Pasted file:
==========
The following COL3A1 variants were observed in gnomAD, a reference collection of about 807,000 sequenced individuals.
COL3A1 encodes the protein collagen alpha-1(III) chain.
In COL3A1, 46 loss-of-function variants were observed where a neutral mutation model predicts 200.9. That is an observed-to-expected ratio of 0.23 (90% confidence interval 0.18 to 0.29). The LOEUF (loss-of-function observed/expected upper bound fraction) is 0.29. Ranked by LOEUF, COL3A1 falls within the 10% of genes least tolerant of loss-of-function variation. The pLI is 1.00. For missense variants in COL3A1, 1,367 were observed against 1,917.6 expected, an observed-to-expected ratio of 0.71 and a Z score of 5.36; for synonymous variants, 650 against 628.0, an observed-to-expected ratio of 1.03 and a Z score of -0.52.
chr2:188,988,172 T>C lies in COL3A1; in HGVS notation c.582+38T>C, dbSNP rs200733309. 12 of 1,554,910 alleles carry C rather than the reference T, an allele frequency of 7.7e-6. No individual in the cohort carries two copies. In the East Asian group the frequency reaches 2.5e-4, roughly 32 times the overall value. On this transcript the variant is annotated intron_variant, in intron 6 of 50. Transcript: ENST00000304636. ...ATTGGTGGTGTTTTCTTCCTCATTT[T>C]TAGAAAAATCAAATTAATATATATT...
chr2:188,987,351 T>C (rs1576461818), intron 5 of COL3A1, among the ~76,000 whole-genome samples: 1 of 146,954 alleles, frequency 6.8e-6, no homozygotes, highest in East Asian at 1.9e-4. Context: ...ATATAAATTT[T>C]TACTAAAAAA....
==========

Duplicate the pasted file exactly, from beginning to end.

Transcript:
The following COL3A1 variants were observed in gnomAD, a reference collection of about 807,000 sequenced individuals.
COL3A1 encodes the protein collagen alpha-1(III) chain.
In COL3A1, 46 loss-of-function variants were observed where a neutral mutation model predicts 200.9. That is an observed-to-expected ratio of 0.23 (90% confidence interval 0.18 to 0.29). The LOEUF (loss-of-function observed/expected upper bound fraction) is 0.29. Ranked by LOEUF, COL3A1 falls within the 10% of genes least tolerant of loss-of-function variation. The pLI is 1.00. For missense variants in COL3A1, 1,367 were observed against 1,917.6 expected, an observed-to-expected ratio of 0.71 and a Z score of 5.36; for synonymous variants, 650 against 628.0, an observed-to-expected ratio of 1.03 and a Z score of -0.52.
chr2:188,988,172 T>C lies in COL3A1; in HGVS notation c.582+38T>C, dbSNP rs200733309. 12 of 1,554,910 alleles carry C rather than the reference T, an allele frequency of 7.7e-6. No individual in the cohort carries two copies. In the East Asian group the frequency reaches 2.5e-4, roughly 32 times the overall value. On this transcript the variant is annotated intron_variant, in intron 6 of 50. Transcript: ENST00000304636. ...ATTGGTGGTGTTTTCTTCCTCATTT[T>C]TAGAAAAATCAAATTAATATATATT...
chr2:188,987,351 T>C (rs1576461818), intron 5 of COL3A1, among the ~76,000 whole-genome samples: 1 of 146,954 alleles, frequency 6.8e-6, no homozygotes, highest in East Asian at 1.9e-4. Context: ...ATATAAATTT[T>C]TACTAAAAAA....